But, there is such a vast pool of talent out there from every race, and for my first film, I wanted to find the best lead actress from the entire diverse pool of talent. So, I sent out casting notices, saying send me African-American, Latino and Asian actresses. But, it’s like you have to almost go out of your way to search for diverse talent, mainly due to studios not automatically thinking about people of colour in lead roles. So I had a really great opportunity here to showcase a wonderful lead black actress in her first feature-length role, and, you know, that was really thrilling for me.

Regarding what needs to be done, I think I answered that a little bit in my thoughts earlier. But, there is also something around our natural reflex that needs challenging. People often envision a white person as the lead in a book or script they are reading, and, you know, that’s what we need to all move beyond. After all, a character can surely be brought to life by any person, no matter of difference – we are all human beings at the end of the day, and we all have the same wants, needs and feelings.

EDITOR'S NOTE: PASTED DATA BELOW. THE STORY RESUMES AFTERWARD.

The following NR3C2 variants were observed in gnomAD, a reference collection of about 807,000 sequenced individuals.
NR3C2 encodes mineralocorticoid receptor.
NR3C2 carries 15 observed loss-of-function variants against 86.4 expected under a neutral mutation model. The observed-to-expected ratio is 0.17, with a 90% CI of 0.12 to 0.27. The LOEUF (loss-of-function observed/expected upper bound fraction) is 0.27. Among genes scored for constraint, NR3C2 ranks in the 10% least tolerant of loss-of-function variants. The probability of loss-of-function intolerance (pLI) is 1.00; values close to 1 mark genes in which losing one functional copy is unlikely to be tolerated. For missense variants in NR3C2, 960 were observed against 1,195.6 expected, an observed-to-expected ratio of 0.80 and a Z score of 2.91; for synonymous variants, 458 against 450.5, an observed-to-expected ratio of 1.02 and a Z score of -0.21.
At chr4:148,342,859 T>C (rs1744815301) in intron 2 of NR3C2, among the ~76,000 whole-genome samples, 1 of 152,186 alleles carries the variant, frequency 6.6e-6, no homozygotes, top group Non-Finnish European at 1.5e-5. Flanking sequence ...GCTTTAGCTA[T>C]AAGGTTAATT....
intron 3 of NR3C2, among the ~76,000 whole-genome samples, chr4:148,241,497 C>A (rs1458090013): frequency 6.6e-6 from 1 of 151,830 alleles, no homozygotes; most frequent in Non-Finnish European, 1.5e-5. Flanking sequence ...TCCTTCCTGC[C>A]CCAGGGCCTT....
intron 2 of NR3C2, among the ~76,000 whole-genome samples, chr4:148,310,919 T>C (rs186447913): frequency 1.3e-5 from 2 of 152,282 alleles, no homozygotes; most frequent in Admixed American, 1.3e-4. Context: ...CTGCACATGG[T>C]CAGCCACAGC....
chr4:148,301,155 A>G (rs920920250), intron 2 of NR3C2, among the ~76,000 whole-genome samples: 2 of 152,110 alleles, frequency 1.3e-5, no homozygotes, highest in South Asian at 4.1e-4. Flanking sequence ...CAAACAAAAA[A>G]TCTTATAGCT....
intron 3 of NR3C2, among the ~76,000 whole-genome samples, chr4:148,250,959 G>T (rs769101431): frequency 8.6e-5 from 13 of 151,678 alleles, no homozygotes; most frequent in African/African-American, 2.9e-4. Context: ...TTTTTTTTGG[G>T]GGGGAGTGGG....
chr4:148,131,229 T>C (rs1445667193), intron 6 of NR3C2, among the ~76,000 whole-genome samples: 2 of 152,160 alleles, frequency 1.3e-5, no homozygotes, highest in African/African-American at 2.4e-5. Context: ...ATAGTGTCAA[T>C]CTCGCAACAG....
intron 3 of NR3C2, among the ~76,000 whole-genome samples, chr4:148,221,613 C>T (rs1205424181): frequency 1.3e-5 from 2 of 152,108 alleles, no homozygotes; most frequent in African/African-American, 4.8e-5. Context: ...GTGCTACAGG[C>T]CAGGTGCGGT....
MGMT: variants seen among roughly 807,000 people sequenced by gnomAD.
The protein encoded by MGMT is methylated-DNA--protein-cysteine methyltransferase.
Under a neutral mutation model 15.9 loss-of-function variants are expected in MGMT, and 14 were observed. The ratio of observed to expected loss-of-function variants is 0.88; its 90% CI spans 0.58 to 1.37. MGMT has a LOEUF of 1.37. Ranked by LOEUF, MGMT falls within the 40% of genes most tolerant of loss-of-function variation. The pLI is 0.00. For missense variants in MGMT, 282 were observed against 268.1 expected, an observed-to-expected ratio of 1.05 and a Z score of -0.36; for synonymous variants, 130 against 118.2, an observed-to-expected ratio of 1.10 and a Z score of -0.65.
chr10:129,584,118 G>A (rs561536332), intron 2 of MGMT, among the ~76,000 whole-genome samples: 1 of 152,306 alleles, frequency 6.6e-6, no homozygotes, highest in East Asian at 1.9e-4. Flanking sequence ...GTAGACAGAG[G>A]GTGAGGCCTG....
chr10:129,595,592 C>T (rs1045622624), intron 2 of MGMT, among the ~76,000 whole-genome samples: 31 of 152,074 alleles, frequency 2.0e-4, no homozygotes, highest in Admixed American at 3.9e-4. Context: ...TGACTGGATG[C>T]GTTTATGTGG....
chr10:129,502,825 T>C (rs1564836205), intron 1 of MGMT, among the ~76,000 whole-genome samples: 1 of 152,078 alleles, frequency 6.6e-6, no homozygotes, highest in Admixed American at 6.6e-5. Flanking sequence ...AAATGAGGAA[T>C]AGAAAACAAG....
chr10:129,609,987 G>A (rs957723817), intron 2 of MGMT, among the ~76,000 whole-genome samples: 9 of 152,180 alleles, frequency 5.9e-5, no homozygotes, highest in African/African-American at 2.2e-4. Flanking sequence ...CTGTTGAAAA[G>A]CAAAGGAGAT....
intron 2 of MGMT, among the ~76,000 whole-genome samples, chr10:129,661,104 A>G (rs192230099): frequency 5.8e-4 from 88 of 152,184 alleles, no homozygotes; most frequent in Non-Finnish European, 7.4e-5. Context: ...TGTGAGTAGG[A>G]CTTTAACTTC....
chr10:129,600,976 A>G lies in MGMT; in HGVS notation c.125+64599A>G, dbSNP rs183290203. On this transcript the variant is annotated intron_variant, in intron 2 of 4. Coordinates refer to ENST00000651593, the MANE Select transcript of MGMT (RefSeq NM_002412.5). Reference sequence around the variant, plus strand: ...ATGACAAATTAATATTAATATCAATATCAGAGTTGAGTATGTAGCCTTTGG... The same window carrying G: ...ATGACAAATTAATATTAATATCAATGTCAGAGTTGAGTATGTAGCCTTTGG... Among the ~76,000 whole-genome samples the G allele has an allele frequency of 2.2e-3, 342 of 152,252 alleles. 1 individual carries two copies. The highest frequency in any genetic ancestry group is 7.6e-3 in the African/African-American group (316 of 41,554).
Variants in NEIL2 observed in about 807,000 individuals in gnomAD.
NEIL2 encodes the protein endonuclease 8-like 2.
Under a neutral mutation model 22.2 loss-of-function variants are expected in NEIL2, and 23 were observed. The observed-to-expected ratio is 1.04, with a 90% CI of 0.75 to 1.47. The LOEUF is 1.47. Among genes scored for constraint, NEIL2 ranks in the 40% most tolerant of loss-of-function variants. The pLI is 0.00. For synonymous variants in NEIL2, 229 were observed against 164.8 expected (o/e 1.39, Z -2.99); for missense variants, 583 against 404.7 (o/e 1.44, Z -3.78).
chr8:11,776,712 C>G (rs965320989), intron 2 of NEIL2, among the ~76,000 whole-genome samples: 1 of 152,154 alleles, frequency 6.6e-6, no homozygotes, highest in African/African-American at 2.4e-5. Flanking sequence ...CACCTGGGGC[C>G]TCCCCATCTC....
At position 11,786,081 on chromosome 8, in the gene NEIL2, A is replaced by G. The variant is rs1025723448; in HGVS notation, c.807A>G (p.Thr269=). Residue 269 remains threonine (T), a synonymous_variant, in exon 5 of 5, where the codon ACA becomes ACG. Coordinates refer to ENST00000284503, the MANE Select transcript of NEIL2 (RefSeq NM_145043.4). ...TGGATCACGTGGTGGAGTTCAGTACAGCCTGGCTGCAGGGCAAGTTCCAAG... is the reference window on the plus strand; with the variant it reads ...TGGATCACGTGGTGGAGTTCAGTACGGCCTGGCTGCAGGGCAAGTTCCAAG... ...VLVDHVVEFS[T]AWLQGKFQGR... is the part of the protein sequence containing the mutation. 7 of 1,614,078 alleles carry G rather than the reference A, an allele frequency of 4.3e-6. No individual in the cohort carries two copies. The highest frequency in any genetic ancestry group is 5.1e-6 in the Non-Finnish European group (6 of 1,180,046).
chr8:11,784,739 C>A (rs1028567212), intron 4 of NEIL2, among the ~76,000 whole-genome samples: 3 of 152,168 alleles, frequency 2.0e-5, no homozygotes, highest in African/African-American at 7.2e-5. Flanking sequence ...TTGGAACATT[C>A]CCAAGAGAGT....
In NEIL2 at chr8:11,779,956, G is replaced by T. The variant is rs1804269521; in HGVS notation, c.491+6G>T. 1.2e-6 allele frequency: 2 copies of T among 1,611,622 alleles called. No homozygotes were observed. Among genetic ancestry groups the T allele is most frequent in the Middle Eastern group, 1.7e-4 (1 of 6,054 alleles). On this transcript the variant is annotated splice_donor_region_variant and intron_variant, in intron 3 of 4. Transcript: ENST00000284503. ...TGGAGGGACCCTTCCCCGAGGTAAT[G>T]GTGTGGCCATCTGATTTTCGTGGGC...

Hollywood thrives on what is successful, and I think both Black Panther and Get Out proved that diverse stories could be box office winners; hopefully, this only increases a desire for authentic stories while also building representation in lead roles across cinema no matter of race, disability or sexual orientation. I think representation is as important as telling stories about different communities.


Get Out (2018) ©️Universal Pictures

It would be easy to label Don’t Look Back as a ‘karma’ based horror, but grief, loss and a need for perceived justice thread through the narrative. If there is one broader social message you would like audiences to reflect on after watching Don’t Look Back, what would it be?